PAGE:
• Your boss fires you without following the established protocol/procedure, especially if it is outlined in the employee handbook
  • You are in a protected category/have protected status, and your treatment has been different from those not in the category or having the status.
  • The person who treated you wrongfully actually made discriminatory comments such as "You're not woman enough to do this job" or "We really need some new blood in this department" or "It's just impossible for us to accomodate your need for wheelchair ramp."
  • You are fired immediately after announcing your pregnancy
  • You are fired during or immediately following having taken Family Medical Leave.
  • You're fired just before you're about to become eligible for your pension

In addition, Renata Castro, an immigration attorney in Florida points out that if you're working in this country on an employment authorization card, and your employer fires you close to the expiration date of that card, it might or might not be a coincidence. Therefore, Castro recommends that you seek legal counsel to sort through the matter. And that would be the advisable course of action if any of the other aforementioned signs are present in your own employment situation.

Speaking of green cards, have you ever wondered why they're called that? Or why money is green? Or why any of these other things are the colors they are?

Even with a link, you're facing a challenge

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There are circumstances in which your employer may cite your protected status in taking an action that you feel is unfair, and yet it does not rise to the level of being wrongful, attorney Klingler points out. For example you are pregnant, it's wrongful for your employer to treat you differently unless your pregnancy makes it objectively impossible for you to do your job. But if your employer takes action specifically based on your pregnancy but also for a legitimate business reason, it becomes more difficult to argue that you've been treated wrongfully explains Adriana Cara, a San Diego-based labor and employment attorney for a 650-attorney law firm.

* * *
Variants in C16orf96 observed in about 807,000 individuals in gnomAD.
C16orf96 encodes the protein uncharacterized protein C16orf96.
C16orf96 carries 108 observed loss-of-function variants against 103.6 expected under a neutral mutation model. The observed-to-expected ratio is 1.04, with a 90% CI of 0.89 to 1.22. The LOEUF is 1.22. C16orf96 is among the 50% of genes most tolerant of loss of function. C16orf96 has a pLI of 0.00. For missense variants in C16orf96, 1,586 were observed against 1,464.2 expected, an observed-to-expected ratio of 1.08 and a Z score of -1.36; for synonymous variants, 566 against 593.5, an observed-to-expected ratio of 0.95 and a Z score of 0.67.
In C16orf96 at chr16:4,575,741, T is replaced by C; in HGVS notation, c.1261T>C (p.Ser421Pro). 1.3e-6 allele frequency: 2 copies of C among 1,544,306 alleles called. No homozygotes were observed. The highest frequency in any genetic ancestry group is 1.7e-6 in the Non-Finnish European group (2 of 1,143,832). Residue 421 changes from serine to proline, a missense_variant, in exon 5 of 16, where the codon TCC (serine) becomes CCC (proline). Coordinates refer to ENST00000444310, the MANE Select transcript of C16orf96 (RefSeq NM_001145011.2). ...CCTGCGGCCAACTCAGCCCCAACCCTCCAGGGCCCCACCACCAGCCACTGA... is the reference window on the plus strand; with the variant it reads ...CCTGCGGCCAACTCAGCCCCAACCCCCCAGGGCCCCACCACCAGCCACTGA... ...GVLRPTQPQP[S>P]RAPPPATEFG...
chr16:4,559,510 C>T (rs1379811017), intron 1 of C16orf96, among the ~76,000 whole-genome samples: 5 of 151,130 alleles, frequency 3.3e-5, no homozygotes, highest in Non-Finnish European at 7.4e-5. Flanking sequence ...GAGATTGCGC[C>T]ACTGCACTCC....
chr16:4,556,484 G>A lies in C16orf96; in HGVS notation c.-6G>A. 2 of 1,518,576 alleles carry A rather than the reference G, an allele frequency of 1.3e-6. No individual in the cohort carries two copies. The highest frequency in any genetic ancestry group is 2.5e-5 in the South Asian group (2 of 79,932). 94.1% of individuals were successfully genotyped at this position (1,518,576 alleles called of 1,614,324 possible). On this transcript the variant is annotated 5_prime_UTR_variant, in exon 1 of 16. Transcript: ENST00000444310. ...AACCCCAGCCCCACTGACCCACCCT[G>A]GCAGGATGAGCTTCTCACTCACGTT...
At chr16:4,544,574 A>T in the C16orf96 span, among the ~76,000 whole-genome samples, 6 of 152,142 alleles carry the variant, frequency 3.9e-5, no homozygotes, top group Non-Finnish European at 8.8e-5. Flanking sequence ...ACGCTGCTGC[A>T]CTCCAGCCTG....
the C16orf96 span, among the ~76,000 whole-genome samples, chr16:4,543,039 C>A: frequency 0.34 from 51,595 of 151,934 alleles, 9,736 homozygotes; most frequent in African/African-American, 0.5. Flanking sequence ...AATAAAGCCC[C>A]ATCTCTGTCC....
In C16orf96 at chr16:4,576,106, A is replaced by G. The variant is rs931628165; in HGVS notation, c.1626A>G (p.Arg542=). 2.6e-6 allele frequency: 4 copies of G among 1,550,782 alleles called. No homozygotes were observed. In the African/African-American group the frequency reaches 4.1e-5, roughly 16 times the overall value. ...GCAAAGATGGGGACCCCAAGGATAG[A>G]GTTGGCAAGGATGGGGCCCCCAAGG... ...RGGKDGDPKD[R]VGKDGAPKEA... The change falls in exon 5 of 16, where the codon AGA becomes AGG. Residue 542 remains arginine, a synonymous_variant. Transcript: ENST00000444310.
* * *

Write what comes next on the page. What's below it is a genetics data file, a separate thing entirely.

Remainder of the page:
For example, if after you announce your pregnancy, your boss suggests transferring you to a department whose busy season ends around the same date as your baby is due, that might be a legitimate business reason, provided the transfer comes with equivalent pay and benefits, and the employee is qualified for the position. Moreover, once the pregnancy is over, the employee must be reinstated in her original job.

Similarly, if you're fired just before your pension vests or just before your work authorization card expires, your employer's actions may well be wrongful. But they may not be. Same thing if you're fired at age 46. It could be wrongful, but it may not be. One thing you will need to prove in any of these cases is whether your employer has treated all employees in your circumstances the same way. If you are the only 46-year-old to be fired, it will be a lot more difficult to prove wrongful termination based on age discrimination than if every employee who turns 46 gets fired within a month of their birthday.

(We don't mean to pick on people who just turned 46. In fact, we think it's safe to say, we're kind of jealous, considering that's the age when they can expect to have the very best sex of their lives.)